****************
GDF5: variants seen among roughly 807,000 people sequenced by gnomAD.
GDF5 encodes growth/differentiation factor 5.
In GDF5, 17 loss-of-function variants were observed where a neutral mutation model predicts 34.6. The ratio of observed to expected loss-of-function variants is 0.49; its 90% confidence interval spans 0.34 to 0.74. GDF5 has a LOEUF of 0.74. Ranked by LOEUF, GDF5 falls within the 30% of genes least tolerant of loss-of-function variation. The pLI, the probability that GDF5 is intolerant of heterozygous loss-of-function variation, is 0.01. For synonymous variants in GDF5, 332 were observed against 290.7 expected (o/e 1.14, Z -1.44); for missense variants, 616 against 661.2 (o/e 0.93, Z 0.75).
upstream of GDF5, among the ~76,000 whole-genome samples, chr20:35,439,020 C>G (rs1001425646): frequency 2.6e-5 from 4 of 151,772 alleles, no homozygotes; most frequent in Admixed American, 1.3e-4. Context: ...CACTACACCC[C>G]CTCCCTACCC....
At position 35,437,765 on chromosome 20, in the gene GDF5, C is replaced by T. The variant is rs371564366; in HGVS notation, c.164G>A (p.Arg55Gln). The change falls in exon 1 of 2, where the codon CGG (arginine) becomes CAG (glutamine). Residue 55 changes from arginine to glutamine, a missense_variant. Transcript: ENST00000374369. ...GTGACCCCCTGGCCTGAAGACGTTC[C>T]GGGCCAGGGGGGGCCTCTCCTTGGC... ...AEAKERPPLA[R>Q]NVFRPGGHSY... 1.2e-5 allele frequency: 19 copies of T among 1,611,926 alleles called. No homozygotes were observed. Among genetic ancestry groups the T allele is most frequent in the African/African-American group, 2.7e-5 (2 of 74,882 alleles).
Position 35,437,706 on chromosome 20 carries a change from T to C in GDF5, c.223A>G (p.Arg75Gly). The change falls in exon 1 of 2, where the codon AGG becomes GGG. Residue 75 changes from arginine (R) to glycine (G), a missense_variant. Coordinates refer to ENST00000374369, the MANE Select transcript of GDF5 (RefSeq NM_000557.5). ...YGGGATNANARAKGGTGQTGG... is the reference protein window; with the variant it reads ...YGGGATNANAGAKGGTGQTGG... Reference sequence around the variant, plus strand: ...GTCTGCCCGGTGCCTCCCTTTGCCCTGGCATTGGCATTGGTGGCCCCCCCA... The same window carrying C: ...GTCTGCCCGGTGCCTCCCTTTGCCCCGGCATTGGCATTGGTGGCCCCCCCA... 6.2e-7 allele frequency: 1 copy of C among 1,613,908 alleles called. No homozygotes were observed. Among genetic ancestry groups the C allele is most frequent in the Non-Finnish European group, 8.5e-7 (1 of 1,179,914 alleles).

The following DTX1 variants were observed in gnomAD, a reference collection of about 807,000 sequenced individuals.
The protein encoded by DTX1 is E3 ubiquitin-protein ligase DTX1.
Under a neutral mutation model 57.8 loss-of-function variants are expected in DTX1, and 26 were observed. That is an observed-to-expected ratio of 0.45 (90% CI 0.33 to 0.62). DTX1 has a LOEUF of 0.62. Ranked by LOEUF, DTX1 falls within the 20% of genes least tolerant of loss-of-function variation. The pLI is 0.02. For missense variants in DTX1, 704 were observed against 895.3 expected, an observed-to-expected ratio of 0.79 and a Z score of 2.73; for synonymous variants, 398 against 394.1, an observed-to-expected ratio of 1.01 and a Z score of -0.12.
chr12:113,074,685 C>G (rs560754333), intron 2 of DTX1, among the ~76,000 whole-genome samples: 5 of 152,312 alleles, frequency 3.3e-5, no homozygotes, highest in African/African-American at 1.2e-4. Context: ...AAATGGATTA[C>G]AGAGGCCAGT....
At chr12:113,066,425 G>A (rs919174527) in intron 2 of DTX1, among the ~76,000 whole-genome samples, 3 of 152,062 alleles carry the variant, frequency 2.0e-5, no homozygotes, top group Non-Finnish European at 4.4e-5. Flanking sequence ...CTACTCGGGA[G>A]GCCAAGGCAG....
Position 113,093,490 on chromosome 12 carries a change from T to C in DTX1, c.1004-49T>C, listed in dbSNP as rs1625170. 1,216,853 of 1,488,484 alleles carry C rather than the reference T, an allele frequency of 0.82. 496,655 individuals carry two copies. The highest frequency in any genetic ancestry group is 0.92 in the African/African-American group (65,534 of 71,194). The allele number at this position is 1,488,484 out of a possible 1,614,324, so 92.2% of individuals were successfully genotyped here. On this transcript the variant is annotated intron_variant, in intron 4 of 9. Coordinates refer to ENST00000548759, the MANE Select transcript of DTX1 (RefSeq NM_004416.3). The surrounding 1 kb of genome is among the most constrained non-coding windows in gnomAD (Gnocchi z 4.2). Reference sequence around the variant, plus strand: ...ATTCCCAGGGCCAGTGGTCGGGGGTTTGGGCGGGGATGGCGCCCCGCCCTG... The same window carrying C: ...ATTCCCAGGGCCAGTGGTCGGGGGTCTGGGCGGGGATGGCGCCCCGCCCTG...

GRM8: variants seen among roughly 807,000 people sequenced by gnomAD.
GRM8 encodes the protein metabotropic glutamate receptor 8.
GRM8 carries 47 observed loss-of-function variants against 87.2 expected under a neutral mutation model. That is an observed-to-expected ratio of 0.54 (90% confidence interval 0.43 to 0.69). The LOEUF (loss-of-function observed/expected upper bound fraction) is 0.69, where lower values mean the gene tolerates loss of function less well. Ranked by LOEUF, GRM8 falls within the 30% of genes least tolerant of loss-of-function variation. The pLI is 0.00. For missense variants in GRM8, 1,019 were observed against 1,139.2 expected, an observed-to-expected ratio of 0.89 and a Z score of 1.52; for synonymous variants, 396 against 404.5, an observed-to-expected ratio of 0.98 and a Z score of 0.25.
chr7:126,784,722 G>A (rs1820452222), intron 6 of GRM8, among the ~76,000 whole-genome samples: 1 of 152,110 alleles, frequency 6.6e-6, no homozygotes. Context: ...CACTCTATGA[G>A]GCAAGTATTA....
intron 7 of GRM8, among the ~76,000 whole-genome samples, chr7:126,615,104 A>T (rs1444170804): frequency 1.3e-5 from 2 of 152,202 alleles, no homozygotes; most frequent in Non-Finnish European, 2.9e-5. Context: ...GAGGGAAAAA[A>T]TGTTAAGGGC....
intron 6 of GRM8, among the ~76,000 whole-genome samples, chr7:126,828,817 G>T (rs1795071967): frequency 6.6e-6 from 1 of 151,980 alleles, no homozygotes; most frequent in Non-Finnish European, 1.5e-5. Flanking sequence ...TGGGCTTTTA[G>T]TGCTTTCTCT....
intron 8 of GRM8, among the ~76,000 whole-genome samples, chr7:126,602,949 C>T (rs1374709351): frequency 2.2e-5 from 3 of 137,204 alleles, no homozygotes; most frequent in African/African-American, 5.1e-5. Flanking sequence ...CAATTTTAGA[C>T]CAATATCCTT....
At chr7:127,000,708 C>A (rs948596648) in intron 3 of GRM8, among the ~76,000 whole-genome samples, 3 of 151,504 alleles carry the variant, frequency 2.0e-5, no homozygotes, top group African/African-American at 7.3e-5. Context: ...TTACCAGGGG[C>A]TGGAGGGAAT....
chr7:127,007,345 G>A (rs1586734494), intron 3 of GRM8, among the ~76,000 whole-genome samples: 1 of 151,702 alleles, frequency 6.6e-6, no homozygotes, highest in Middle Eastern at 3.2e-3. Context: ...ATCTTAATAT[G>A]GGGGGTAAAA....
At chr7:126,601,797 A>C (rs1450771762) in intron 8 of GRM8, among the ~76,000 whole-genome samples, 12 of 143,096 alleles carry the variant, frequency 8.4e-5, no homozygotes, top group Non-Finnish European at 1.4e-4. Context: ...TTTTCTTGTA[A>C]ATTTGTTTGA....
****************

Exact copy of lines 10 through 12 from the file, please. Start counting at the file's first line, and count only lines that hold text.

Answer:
chr12:113,074,685 C>G (rs560754333), intron 2 of DTX1, among the ~76,000 whole-genome samples: 5 of 152,312 alleles, frequency 3.3e-5, no homozygotes, highest in African/African-American at 1.2e-4. Context: ...AAATGGATTA[C>G]AGAGGCCAGT....
At chr12:113,066,425 G>A (rs919174527) in intron 2 of DTX1, among the ~76,000 whole-genome samples, 3 of 152,062 alleles carry the variant, frequency 2.0e-5, no homozygotes, top group Non-Finnish European at 4.4e-5. Flanking sequence ...CTACTCGGGA[G>A]GCCAAGGCAG....
Position 113,093,490 on chromosome 12 carries a change from T to C in DTX1, c.1004-49T>C, listed in dbSNP as rs1625170. 1,216,853 of 1,488,484 alleles carry C rather than the reference T, an allele frequency of 0.82. 496,655 individuals carry two copies. The highest frequency in any genetic ancestry group is 0.92 in the African/African-American group (65,534 of 71,194). The allele number at this position is 1,488,484 out of a possible 1,614,324, so 92.2% of individuals were successfully genotyped here. On this transcript the variant is annotated intron_variant, in intron 4 of 9. Coordinates refer to ENST00000548759, the MANE Select transcript of DTX1 (RefSeq NM_004416.3). The surrounding 1 kb of genome is among the most constrained non-coding windows in gnomAD (Gnocchi z 4.2). Reference sequence around the variant, plus strand: ...ATTCCCAGGGCCAGTGGTCGGGGGTTTGGGCGGGGATGGCGCCCCGCCCTG... The same window carrying C: ...ATTCCCAGGGCCAGTGGTCGGGGGTCTGGGCGGGGATGGCGCCCCGCCCTG...